New publication!

Our new article has been accepted in Reproductive Sciences:

Roberts JM, Heider D, Bergman L, Thornburg KL: Vision for Improving Pregnancy Health: Innovation and the Future of Pregnancy Research, Reproductive Sciences 2022, in press. (Link)


Understanding, predicting, and preventing pregnancy disorders have been a major research target. Nonetheless, the lack of progress is illustrated by research results related to preeclampsia and other hypertensive pregnancy disorders. These remain a major cause of maternal and infant mortality worldwide. There is a general consensus that the rate of progress toward understanding pregnancy disorders lags behind progress in other aspects of human health. In this presentation, we advance an explanation for this failure and suggest solutions. We propose that progress has been impeded by narrowly focused research training and limited imagination and innovation, resulting in the failure to think beyond conventional research approaches and analytical strategies. Investigations have been largely limited to hypothesis-generating approaches constrained by attempts to force poorly defined complex disorders into a single “unifying” hypothesis. Future progress could be accelerated by rethinking this approach. We advise taking advantage of innovative approaches that will generate new research strategies for investigating pregnancy abnormalities. Studies should begin before conception, assessing pregnancy longitudinally, before, during, and after pregnancy. Pregnancy disorders should be defined by pathophysiology rather than phenotype, and state of the art agnostic assessment of data should be adopted to generate new ideas. Taking advantage of new approaches mandates emphasizing innovation, inclusion of large datasets, and use of state of the art experimental and analytical techniques. A revolution in understanding pregnancy-associated disorders will depend on networks of scientists who are driven by an intense biological curiosity, a team spirit, and the tools to make new discoveries.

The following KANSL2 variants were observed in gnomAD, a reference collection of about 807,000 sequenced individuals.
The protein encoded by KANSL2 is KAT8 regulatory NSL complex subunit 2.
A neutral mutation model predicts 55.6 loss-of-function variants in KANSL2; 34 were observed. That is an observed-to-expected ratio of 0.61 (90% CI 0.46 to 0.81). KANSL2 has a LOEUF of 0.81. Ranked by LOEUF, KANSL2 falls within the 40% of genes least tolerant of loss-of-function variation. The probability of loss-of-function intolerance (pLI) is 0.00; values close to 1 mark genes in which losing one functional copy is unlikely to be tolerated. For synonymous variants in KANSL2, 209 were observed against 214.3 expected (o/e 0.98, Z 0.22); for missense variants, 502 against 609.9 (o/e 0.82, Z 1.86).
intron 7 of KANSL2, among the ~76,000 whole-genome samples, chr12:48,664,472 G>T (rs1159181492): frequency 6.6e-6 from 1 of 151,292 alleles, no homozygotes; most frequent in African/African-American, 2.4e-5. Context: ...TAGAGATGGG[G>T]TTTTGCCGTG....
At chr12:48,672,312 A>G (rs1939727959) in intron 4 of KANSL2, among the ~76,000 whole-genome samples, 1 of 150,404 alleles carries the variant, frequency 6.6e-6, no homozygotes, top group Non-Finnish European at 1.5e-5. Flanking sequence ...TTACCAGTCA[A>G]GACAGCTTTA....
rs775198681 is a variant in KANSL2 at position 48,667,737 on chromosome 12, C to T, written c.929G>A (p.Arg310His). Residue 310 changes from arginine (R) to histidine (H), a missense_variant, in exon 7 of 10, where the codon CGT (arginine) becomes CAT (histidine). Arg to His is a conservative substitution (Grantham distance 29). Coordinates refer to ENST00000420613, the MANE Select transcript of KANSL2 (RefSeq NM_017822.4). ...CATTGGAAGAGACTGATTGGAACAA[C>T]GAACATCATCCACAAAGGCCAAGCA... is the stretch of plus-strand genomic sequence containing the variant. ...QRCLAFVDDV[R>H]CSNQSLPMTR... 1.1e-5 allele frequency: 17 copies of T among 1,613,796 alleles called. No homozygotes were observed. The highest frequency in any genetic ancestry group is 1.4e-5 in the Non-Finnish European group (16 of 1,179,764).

Written by: Dominik Heider